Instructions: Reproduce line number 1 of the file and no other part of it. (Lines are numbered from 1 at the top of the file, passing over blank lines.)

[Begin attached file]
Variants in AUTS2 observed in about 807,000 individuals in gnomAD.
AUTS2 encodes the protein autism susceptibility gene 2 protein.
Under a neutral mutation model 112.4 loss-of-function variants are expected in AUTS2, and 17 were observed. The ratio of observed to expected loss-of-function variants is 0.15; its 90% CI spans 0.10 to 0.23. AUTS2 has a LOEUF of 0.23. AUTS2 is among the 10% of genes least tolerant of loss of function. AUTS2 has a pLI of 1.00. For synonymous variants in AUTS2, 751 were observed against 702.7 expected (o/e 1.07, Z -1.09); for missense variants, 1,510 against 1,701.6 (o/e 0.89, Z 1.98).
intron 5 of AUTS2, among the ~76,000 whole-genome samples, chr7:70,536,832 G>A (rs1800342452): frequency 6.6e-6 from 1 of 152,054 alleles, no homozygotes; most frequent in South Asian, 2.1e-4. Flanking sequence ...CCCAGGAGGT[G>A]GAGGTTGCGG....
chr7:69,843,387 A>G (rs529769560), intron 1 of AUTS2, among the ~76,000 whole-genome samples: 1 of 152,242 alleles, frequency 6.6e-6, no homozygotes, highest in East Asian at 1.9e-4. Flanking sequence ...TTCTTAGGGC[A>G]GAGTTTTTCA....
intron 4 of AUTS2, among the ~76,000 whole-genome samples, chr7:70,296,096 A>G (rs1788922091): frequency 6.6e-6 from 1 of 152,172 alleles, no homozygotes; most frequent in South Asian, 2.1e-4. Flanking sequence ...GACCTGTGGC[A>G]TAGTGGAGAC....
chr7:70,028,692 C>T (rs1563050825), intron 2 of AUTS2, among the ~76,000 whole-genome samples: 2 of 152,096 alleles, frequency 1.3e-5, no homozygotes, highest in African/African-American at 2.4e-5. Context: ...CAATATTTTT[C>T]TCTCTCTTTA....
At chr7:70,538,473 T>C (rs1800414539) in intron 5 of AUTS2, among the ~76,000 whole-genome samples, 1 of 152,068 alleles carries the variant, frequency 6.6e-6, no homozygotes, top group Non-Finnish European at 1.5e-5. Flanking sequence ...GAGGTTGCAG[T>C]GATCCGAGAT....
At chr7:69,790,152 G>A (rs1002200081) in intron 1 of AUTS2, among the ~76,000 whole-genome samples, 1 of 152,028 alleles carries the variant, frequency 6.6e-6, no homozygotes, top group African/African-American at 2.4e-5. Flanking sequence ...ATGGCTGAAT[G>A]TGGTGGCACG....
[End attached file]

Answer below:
Variants in AUTS2 observed in about 807,000 individuals in gnomAD.